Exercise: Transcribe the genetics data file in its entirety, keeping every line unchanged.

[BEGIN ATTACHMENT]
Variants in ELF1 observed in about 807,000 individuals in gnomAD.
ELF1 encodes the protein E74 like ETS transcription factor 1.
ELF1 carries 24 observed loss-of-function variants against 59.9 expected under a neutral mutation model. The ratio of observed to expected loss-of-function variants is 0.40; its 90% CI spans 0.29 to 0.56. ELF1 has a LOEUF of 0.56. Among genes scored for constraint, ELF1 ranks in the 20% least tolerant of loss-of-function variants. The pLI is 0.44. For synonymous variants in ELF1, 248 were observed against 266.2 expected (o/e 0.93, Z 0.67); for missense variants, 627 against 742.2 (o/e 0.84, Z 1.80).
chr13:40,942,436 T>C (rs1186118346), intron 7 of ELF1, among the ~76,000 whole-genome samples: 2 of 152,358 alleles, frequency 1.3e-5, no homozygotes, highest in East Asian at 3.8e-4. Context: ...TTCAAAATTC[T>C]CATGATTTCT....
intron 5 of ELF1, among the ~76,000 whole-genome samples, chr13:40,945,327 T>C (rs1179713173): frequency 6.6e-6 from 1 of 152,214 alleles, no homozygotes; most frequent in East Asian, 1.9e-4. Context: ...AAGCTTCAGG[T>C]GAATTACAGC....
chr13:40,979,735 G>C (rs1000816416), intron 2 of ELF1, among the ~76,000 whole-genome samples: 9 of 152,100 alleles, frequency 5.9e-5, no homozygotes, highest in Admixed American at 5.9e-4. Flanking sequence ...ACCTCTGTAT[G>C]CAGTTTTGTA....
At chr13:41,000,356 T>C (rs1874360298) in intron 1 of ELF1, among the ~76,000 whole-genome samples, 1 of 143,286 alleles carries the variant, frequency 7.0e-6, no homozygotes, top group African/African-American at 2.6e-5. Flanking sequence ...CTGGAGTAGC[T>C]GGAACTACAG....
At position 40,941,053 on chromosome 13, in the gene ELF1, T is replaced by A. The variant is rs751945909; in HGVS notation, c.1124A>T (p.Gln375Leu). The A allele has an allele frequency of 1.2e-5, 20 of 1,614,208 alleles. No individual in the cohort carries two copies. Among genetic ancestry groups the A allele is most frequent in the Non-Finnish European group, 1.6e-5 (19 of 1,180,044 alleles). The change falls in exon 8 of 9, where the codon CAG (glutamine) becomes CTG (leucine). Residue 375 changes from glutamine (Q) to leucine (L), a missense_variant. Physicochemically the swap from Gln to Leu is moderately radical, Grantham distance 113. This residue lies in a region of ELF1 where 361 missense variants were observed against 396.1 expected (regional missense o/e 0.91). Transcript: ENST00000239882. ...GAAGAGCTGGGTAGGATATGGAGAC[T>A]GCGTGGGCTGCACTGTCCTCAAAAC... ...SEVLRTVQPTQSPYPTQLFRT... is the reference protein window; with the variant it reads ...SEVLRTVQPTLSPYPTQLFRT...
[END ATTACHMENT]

Variants in ELF1 observed in about 807,000 individuals in gnomAD.
ELF1 encodes the protein E74 like ETS transcription factor 1.
ELF1 carries 24 observed loss-of-function variants against 59.9 expected under a neutral mutation model. The ratio of observed to expected loss-of-function variants is 0.40; its 90% CI spans 0.29 to 0.56. ELF1 has a LOEUF of 0.56. Among genes scored for constraint, ELF1 ranks in the 20% least tolerant of loss-of-function variants. The pLI is 0.44. For synonymous variants in ELF1, 248 were observed against 266.2 expected (o/e 0.93, Z 0.67); for missense variants, 627 against 742.2 (o/e 0.84, Z 1.80).
chr13:40,942,436 T>C (rs1186118346), intron 7 of ELF1, among the ~76,000 whole-genome samples: 2 of 152,358 alleles, frequency 1.3e-5, no homozygotes, highest in East Asian at 3.8e-4. Context: ...TTCAAAATTC[T>C]CATGATTTCT....
intron 5 of ELF1, among the ~76,000 whole-genome samples, chr13:40,945,327 T>C (rs1179713173): frequency 6.6e-6 from 1 of 152,214 alleles, no homozygotes; most frequent in East Asian, 1.9e-4. Context: ...AAGCTTCAGG[T>C]GAATTACAGC....
chr13:40,979,735 G>C (rs1000816416), intron 2 of ELF1, among the ~76,000 whole-genome samples: 9 of 152,100 alleles, frequency 5.9e-5, no homozygotes, highest in Admixed American at 5.9e-4. Flanking sequence ...ACCTCTGTAT[G>C]CAGTTTTGTA....
At chr13:41,000,356 T>C (rs1874360298) in intron 1 of ELF1, among the ~76,000 whole-genome samples, 1 of 143,286 alleles carries the variant, frequency 7.0e-6, no homozygotes, top group African/African-American at 2.6e-5. Flanking sequence ...CTGGAGTAGC[T>C]GGAACTACAG....
At position 40,941,053 on chromosome 13, in the gene ELF1, T is replaced by A. The variant is rs751945909; in HGVS notation, c.1124A>T (p.Gln375Leu). The A allele has an allele frequency of 1.2e-5, 20 of 1,614,208 alleles. No individual in the cohort carries two copies. Among genetic ancestry groups the A allele is most frequent in the Non-Finnish European group, 1.6e-5 (19 of 1,180,044 alleles). The change falls in exon 8 of 9, where the codon CAG (glutamine) becomes CTG (leucine). Residue 375 changes from glutamine (Q) to leucine (L), a missense_variant. Physicochemically the swap from Gln to Leu is moderately radical, Grantham distance 113. This residue lies in a region of ELF1 where 361 missense variants were observed against 396.1 expected (regional missense o/e 0.91). Transcript: ENST00000239882. ...GAAGAGCTGGGTAGGATATGGAGAC[T>A]GCGTGGGCTGCACTGTCCTCAAAAC... ...SEVLRTVQPTQSPYPTQLFRT... is the reference protein window; with the variant it reads ...SEVLRTVQPTLSPYPTQLFRT...